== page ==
South Africa

AFFORDABLE HOUSING

City of Cape Town prepares to release inner-city land at the heart of political disputes

These shacks were erected on the Cape Town Foreshore by social housing and advocacy groups on 4 December 2018. (Photo: Gallo Images / Netwerk24 / Jaco Marais)

The protracted and often messy political disputes over inner-city land could be a thing of the past as the City of Cape Town plans to release public land in well-located areas for housing.

City of Cape Town councillor Malusi Booi said the city plans to dispose of well-located land for housing within the next year. This is the latest turn in an often messy battle for people to live in well-located areas of the city. One of the first sites the City will dispose of in 2022 is the Fruit and Veg site. 

Booi, the mayoral committee member for human settlements, made the announcement on Monday at the site, which is one of 10 initially earmarked for affordable and social housing in the city. 

However, Booi has no date for when construction will start at the site, or when people can move into a potential 150 affordable housing opportunities at the site. 

Booi told the media and City officials that the site is near Parliament and within walking distance of the city’s public transport interchange. Social housing would be on a building’s third and fourth floors, which would have views of the harbour. 

“It doesn’t get better,” said the councillor, adding that people such as teachers and police officials would be able to live in the development. 

The release of the land dates back to 2017 when the then mayor Patricia de Lille and the then mayoral committee member for transport and urban development Brett Herron wanted to release several tracts of land in the inner city for affordable housing. 

In 2018, after De Lille and Herron’s nasty and public split from the DA and their City roles, the land releases came to a halt. In 2019, the Pickwick transitional facility, on Pickwick Road, Salt River, was officially used as a transitional facility for people living in the nearby Pine Road informal settlement.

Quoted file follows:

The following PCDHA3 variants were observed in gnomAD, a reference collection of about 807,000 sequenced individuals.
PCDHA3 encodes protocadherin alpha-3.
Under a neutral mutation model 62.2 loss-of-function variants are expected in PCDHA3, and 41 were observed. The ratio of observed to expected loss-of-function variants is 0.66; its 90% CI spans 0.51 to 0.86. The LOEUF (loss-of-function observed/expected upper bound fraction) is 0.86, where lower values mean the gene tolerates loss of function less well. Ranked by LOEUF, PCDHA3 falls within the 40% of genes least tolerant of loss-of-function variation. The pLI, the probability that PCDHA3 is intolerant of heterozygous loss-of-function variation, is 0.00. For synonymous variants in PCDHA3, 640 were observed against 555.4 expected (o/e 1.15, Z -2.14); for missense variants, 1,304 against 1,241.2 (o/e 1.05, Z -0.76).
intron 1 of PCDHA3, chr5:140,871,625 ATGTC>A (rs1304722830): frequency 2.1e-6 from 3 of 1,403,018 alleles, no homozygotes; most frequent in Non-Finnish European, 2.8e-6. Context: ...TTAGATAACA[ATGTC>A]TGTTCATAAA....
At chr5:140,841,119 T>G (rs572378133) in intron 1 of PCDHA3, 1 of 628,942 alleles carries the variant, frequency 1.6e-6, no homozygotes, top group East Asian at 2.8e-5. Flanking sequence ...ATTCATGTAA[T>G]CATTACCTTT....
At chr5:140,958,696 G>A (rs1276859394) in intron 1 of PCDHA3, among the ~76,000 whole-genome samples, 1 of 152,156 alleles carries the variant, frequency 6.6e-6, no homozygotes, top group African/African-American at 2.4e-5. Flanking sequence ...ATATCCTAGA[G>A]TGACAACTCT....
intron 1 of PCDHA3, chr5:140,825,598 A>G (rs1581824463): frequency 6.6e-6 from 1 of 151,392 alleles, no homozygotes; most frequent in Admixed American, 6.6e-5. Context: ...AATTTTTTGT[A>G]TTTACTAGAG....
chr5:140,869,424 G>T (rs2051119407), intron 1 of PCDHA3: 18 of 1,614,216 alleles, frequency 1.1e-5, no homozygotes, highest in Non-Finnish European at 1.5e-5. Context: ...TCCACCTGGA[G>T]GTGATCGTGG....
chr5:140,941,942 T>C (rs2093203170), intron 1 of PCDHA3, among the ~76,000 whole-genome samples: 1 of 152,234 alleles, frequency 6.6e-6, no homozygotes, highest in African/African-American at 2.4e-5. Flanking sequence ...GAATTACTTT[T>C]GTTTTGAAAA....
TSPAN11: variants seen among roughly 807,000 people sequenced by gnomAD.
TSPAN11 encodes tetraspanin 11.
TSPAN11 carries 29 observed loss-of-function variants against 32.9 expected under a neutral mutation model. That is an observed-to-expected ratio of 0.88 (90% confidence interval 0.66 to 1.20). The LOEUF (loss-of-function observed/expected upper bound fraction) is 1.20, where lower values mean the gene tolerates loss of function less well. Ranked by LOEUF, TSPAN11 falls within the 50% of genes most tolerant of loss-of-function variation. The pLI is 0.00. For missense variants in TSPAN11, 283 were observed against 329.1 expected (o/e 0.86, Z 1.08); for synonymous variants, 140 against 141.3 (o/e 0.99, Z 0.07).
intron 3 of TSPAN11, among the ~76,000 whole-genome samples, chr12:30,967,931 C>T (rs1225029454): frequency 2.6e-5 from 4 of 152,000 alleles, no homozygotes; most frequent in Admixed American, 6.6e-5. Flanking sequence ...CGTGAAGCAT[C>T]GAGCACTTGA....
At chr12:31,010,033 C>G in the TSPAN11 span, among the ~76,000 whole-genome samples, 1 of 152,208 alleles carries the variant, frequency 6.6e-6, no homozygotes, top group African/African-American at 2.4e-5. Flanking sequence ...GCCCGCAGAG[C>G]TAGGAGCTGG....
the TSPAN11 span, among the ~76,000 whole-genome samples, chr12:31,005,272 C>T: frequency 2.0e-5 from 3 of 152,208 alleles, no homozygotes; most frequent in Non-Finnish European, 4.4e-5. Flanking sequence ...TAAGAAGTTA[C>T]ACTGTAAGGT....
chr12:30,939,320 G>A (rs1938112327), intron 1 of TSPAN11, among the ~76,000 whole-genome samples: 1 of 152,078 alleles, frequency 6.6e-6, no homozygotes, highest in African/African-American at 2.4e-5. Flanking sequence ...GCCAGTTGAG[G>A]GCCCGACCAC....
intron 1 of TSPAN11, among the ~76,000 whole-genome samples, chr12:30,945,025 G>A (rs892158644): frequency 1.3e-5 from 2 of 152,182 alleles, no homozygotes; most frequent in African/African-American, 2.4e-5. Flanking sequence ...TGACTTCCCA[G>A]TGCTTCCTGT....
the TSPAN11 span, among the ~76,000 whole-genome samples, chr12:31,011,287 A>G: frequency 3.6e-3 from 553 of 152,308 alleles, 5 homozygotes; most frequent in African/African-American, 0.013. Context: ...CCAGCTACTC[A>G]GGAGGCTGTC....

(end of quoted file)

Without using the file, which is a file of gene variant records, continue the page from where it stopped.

“We will be disposing of all the land parcels in this year,” said Booi during Monday’s briefing. 

The announcement came a few days after the launch of the first units that have been occupied in the provincial government’s landmark social housing project, Conradie Park, in Pinelands, about 11km from Cape Town’s Civic Centre. 

Malusi Booi, the mayoral committee member for human settlements, at a media briefing on Monday, 7 February 2022. (Photo: Suné Payne, Daily Maverick)

Asked by Daily Maverick what took so long to kick-start the process of releasing land, Booi attributed this to internal processes, such as planning approvals and heritage issues. 

“Housing is a complex issue because everyone wants to be closer to where they work,” said Booi. “It’s such a difficult one, but we are doing our level best.”   

The political fights over affordable housing in Cape Town 

During the Tafelberg court case, lawyers for the City confirmed that since the dawn of democracy in South Africa, no affordable or social housing had been built in the inner city. 

Booi said at the briefing this was one of the issues the City had been attacked for – “unfairly. But some would say [what has been] fair, depending where you’re coming from, has been this issue of inner-city development and addressing the issue of spatial planning.”  

Affordable or social housing in the Cape Town CBD has caused public spats between the City’s political leadership of the DA and the Good party, led by De Lille. 

Read in Daily Maverick: Old wounds reopened: Affordable housing in Cape Town becomes a hot-button election issue

After his resignation from the DA, Herron said one of his reasons for leaving was that a cabal of white DA councillors had prevented him from moving forward with plans for affordable and social housing in the CBD. De Lille and Herron went on to form Good, running on a ticket of Cape Town needing apartheid spatial planning transformation. 

“People like Brett [Herron] delayed a lot of things. Upon taking my position I did my level best to expedite the issues,” said Booi. 

In response to the news, Herron released a statement saying his party “commends the DA-led City of Cape Town for having the courage to reactivate important inner-city housing projects it cancelled for political reasons after the resignation of former mayor Patricia de Lille”. 

Explaining the process for the vacant land, Herron said calls for proposals were issued for five sites and “private sector developers responded with a number of exciting bids… that’s when the project became a political football. De Lille and my best efforts to implement it were resisted by conservatives in the caucus. It was a major factor in our decision to give up our positions and leave the party.

“The fact that it has taken the city nearly five years to come round to the idea is far from ideal, in the context of the massive housing backlog and the jobs haemorrhaged in the construction sector.”  

So, despite the politicking and delays, how can the public trust that this plan will work? 

Booi told Daily Maverick that once internal processes are completed, “I hope we will respond much quicker, so the development goes much faster… seeing is believing, you are here on-site.” 

He said the City was already handing over land.

“We have tweaked some of the issues that were delayed, but we will be calling you on some of the sites when we are disposing of them.” DM

 

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